NEW YORK (Reuters) - Oil prices surged more than 2% on Wednesday after a better-than-expected U.S. crude inventories report and as Russia said it would continue its cooperation with OPEC to keep the global oil market balanced.
Prices pulled back slightly after Reuters reported that the first phase of a trade deal between Beijing and Washington might not get done this year, trade experts and people close to the White House said. The 16-month trade war between the world’s top economies is raising concerns about its impact on oil demand.
Brent crude LCOc1 futures settled at $62.40 a barrel, gaining $1.49, or 2.5%, and West Texas Intermediate crude CLc1 settled at $57.11 a barrel, up $1.90, or 3.4%.
U.S. crude oil stocks grew by 1.4 million barrels last week, the Energy Information Administration said, compared with analysts’ expectations for 1.5 million-barrel build and the 6 million-barrel build reported by the American Petroleum Institute late Tuesday. [API/S] [EIA/S]
Crude inventories rose despite refinery runs increasing by 519,000 barrels per day. However, crude in storage at the Cushing, Oklahoma, delivery hub for WTI fell 2.3 million barrels, the biggest drawdown in three months, the EIA said.
“The (crude build) number was not as big as the API, and second of all, the storage draw at Cushing was a whopper. That’s the NYMEX delivery site, so it has an outsized influence,” said Bob Yawger, director of futures at Mizuho in New York.
Oil prices were also supported by comments from Russian President Vladimir Putin that Russia will continue cooperation under a global supply-curbs deal with the Organization of the Petroleum Exporting Countries (OPEC).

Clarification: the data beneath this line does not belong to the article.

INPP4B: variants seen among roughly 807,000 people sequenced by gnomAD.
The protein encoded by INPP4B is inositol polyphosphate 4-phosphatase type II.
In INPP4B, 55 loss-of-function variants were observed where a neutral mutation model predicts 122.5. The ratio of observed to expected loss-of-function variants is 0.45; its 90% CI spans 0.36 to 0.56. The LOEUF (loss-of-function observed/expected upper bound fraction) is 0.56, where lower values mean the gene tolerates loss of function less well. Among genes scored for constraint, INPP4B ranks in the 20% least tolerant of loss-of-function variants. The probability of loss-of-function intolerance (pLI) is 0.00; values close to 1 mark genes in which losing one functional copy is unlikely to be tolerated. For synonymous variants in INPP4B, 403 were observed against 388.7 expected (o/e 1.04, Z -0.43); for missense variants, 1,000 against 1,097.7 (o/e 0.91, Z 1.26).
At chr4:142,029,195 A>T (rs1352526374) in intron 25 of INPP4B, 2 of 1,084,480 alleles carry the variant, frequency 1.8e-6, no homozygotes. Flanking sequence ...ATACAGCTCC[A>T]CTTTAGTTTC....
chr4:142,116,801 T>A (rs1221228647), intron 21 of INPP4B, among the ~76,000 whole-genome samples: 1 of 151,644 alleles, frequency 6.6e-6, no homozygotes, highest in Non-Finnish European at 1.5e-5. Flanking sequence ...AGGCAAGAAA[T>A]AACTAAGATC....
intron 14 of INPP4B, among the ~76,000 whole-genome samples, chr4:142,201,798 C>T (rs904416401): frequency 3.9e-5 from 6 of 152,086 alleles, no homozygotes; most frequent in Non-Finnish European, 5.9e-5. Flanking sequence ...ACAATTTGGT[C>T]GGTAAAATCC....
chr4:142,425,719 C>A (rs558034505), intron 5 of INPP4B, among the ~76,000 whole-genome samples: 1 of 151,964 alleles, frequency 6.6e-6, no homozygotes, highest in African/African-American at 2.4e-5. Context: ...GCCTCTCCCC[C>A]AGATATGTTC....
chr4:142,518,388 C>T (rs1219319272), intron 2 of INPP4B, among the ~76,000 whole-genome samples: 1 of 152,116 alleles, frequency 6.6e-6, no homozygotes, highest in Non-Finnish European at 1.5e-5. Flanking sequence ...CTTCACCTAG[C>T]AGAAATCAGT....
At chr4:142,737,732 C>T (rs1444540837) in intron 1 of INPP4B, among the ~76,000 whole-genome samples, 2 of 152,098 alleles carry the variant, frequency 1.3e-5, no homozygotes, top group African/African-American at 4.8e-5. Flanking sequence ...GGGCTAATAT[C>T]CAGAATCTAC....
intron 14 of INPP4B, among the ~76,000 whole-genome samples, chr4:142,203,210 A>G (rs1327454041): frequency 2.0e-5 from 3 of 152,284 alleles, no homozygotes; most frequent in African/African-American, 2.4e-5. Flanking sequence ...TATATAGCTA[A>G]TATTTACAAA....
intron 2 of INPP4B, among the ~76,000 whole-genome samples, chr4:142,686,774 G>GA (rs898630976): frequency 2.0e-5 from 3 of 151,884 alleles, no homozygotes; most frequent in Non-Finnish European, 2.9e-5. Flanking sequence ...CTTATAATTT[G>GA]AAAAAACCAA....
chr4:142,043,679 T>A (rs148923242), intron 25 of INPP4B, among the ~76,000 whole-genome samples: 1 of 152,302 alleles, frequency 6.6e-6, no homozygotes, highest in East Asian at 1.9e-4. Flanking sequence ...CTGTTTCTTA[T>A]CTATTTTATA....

OPEC meets on Dec. 5 in Vienna, followed by talks with a group of other exporters, including Russia, known as OPEC+.
Escalating Iran-related tensions also boosted prices.
The U.S. aircraft carrier strike group Abraham Lincoln on Tuesday sailed through the vital Strait of Hormuz, through which a fifth of the world’s oil flows, as leaders in Iran blamed days of protests over fuel price hikes on foreign enemies.
Tensions in the Gulf have risen in the wake of attacks on oil tankers this summer, including off the coast of the United Arab Emirates, and a major attack on key Saudi energy plants which briefly crippled from the world’s top oil exporter.
Iran’s President Hassan Rouhani on Wednesday claimed victory over protests which have left scores reported dead.
“These events contribute to a sense of increasing tensions in the Middle East and explain why we have an uptick in the oil price today,” said SEB chief commodities analyst Bjarne Schieldrop.
Additional reporting by Scott DiSavino in New York, Noah Browning in London, Seng Li Peng; Editing by Marguerita Choy and Bernadette Baum